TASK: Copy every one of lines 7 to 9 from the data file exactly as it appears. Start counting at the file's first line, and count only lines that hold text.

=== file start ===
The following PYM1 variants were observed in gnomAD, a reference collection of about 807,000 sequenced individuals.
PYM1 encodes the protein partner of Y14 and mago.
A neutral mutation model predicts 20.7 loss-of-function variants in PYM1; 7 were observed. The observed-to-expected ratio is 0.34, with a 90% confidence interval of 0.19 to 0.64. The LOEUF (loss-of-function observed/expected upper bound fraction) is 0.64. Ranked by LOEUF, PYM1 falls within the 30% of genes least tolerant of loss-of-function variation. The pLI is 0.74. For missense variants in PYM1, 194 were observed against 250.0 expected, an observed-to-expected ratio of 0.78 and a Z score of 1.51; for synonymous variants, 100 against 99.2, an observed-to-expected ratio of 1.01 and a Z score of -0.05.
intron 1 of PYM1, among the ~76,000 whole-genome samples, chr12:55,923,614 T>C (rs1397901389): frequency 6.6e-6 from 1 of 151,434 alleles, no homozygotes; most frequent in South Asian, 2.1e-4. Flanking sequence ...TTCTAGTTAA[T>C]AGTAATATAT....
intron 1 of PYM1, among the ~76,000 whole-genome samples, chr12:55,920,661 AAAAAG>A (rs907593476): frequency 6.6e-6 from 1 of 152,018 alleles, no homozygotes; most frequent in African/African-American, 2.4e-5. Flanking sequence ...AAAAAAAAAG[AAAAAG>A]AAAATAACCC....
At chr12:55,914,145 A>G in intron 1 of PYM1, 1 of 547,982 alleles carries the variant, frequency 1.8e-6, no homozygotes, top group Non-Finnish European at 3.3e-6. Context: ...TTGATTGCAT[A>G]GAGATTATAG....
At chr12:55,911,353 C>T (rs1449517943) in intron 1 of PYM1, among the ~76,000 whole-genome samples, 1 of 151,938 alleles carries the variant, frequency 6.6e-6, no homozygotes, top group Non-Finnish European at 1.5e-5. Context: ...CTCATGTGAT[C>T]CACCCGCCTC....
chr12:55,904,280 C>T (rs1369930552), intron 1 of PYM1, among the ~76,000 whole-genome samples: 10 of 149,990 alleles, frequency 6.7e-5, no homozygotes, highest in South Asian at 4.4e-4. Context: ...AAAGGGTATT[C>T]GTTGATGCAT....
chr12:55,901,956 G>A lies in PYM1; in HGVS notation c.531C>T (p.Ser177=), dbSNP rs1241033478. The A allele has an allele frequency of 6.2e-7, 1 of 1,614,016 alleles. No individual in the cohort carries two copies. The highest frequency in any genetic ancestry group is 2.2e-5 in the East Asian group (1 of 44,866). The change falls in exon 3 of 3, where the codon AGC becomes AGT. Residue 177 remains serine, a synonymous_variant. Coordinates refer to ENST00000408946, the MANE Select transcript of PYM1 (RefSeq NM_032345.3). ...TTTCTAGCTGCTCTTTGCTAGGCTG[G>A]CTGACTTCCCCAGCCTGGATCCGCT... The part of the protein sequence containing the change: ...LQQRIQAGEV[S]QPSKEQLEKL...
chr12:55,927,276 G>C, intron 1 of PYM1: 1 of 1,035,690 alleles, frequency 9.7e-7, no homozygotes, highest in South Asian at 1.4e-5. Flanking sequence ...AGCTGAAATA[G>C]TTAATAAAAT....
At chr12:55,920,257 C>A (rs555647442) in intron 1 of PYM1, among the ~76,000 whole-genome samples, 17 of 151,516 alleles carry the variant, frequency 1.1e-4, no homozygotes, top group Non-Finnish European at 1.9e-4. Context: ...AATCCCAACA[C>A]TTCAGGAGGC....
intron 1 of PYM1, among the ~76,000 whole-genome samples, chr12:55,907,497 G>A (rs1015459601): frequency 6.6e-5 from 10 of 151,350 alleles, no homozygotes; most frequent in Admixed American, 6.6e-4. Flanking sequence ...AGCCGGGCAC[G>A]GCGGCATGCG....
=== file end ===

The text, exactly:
At chr12:55,911,353 C>T (rs1449517943) in intron 1 of PYM1, among the ~76,000 whole-genome samples, 1 of 151,938 alleles carries the variant, frequency 6.6e-6, no homozygotes, top group Non-Finnish European at 1.5e-5. Context: ...CTCATGTGAT[C>T]CACCCGCCTC....
chr12:55,904,280 C>T (rs1369930552), intron 1 of PYM1, among the ~76,000 whole-genome samples: 10 of 149,990 alleles, frequency 6.7e-5, no homozygotes, highest in South Asian at 4.4e-4. Context: ...AAAGGGTATT[C>T]GTTGATGCAT....
chr12:55,901,956 G>A lies in PYM1; in HGVS notation c.531C>T (p.Ser177=), dbSNP rs1241033478. The A allele has an allele frequency of 6.2e-7, 1 of 1,614,016 alleles. No individual in the cohort carries two copies. The highest frequency in any genetic ancestry group is 2.2e-5 in the East Asian group (1 of 44,866). The change falls in exon 3 of 3, where the codon AGC becomes AGT. Residue 177 remains serine, a synonymous_variant. Coordinates refer to ENST00000408946, the MANE Select transcript of PYM1 (RefSeq NM_032345.3). ...TTTCTAGCTGCTCTTTGCTAGGCTG[G>A]CTGACTTCCCCAGCCTGGATCCGCT... The part of the protein sequence containing the change: ...LQQRIQAGEV[S]QPSKEQLEKL...